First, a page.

If you look at the open source landscape, there are two key equally opposite trends at play here.

Commercial vendors going Open Source

On the one hand we see increasing number of commercial projects going open source. Let us check some vendors have open sourced their products

  • Open Solaris by Sun
  • Java from Sun
  • Ingres from CA
  • OpenFlex from Adobe
  • Foxpro from Microsoft (you may question if this noteworthy?)

Open Source vendors getting acquired by Proprietary vendors

Let us look at some of the open source project acquired by proprietary vendors

  • Gluecode by IBM
  • XenSource by Citrix
  • JBoss by Red Hat
  • Berkeley DB by Oracle
  • MySQL by Sun and now by Oracle
  • SuSe linux IP by Microsoft

Look below the hood and you will see two key drivers here

  1. All the commercial companies that are open sourcing their products are mostly products that have reached a stage where they are not the dominant force and their existence is in question. Yes, this includes Java. Much as I like Java it has not helped its own cause with the complexity. The balancing of the interests of Sun and other constituents of JCP has not helped either. PHP, Python, Ruby on Rails, CakePHP,, Google AppEngine and .NET all gaining traction at the expense of java. If you look at the large software vendors – only IBM and Oracle are behind java and IBM is making up its mind to be a full-fledged software company.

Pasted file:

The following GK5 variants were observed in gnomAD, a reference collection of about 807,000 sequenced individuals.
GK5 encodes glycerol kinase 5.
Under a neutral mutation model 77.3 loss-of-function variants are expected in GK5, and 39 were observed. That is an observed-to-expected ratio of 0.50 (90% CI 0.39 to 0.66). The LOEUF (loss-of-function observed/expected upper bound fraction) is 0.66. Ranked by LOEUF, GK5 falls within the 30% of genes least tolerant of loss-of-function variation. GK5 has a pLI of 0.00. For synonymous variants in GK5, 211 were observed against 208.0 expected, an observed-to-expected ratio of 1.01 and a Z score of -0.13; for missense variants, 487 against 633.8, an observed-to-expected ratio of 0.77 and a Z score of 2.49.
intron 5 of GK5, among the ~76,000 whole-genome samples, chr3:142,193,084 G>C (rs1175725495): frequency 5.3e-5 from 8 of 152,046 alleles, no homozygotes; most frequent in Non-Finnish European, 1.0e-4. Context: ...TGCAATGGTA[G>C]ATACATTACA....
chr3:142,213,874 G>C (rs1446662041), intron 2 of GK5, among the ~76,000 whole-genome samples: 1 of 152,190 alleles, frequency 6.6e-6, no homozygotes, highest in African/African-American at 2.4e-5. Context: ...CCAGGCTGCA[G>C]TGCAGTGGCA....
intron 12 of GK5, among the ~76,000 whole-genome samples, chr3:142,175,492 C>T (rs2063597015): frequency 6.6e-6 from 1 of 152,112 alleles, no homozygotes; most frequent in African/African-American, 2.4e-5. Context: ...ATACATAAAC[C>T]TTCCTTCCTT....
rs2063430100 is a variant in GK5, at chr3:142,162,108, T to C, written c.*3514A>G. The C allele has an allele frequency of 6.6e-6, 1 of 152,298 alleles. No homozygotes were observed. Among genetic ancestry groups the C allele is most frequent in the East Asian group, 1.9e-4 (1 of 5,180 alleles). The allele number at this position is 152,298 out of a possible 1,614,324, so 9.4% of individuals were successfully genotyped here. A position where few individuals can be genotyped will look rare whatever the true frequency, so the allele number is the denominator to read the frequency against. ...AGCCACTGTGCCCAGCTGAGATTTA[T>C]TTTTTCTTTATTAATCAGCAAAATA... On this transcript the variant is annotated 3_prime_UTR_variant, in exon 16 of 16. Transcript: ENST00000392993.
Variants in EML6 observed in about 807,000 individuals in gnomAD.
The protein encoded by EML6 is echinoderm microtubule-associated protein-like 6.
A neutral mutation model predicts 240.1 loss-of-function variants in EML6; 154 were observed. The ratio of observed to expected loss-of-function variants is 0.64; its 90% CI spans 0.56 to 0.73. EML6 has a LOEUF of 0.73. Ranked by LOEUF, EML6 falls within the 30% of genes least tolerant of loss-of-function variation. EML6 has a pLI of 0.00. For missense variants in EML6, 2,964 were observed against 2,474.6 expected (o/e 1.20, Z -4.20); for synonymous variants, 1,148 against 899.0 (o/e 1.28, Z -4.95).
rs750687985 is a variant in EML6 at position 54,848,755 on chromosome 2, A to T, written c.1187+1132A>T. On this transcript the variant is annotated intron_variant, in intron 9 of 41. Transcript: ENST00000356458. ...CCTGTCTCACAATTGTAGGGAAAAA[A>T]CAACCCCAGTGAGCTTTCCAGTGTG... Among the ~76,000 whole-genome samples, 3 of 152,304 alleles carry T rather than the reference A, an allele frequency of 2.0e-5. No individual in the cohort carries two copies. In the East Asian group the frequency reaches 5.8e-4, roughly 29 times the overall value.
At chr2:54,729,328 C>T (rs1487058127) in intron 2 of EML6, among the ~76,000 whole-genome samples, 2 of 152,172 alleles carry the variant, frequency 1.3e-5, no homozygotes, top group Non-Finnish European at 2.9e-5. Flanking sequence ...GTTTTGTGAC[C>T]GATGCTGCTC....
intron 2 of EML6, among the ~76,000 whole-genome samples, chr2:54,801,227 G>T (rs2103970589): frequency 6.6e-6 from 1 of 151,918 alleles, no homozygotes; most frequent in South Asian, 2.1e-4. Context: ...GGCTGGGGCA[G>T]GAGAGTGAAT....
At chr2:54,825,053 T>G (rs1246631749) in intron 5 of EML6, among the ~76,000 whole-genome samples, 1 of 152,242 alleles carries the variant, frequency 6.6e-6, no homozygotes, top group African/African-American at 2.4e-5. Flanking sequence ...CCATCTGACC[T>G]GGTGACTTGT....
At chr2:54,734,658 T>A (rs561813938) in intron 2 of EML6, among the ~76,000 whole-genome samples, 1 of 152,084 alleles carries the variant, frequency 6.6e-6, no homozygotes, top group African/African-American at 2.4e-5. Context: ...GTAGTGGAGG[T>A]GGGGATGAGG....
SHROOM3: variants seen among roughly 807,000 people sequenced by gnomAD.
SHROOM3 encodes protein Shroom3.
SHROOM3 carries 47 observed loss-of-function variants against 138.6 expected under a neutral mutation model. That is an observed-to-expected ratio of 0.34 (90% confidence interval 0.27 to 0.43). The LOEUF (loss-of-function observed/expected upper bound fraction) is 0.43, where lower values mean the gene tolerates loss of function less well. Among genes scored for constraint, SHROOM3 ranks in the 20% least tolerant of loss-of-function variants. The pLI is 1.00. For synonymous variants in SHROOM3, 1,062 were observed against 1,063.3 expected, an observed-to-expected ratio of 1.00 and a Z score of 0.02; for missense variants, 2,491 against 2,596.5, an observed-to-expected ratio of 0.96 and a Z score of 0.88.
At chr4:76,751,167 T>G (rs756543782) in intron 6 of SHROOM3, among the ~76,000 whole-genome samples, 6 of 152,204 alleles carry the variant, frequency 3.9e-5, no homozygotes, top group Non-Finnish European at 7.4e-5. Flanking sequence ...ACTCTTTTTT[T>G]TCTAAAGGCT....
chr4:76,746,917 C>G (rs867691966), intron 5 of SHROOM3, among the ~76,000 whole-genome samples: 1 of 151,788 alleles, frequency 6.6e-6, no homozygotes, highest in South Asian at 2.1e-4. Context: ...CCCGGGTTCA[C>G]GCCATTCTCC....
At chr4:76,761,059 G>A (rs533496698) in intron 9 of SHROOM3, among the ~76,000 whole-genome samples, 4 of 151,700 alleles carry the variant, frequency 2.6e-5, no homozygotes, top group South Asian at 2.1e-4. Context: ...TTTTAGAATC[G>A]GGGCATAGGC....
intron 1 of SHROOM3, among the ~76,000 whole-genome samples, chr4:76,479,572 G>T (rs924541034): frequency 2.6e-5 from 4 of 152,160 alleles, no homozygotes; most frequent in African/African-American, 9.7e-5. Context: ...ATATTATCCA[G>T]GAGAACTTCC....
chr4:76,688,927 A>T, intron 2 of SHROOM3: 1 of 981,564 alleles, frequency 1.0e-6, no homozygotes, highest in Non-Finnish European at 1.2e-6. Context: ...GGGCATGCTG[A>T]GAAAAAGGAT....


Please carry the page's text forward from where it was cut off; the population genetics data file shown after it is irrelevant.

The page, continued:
2. Companies that have failed in the market not able to support their product with resource and financial commitment, decide to open source it. Ingres is a classic example. It seems nothing but a last ditch attempt to hold onto a product nobody wants and get some marketing mileage.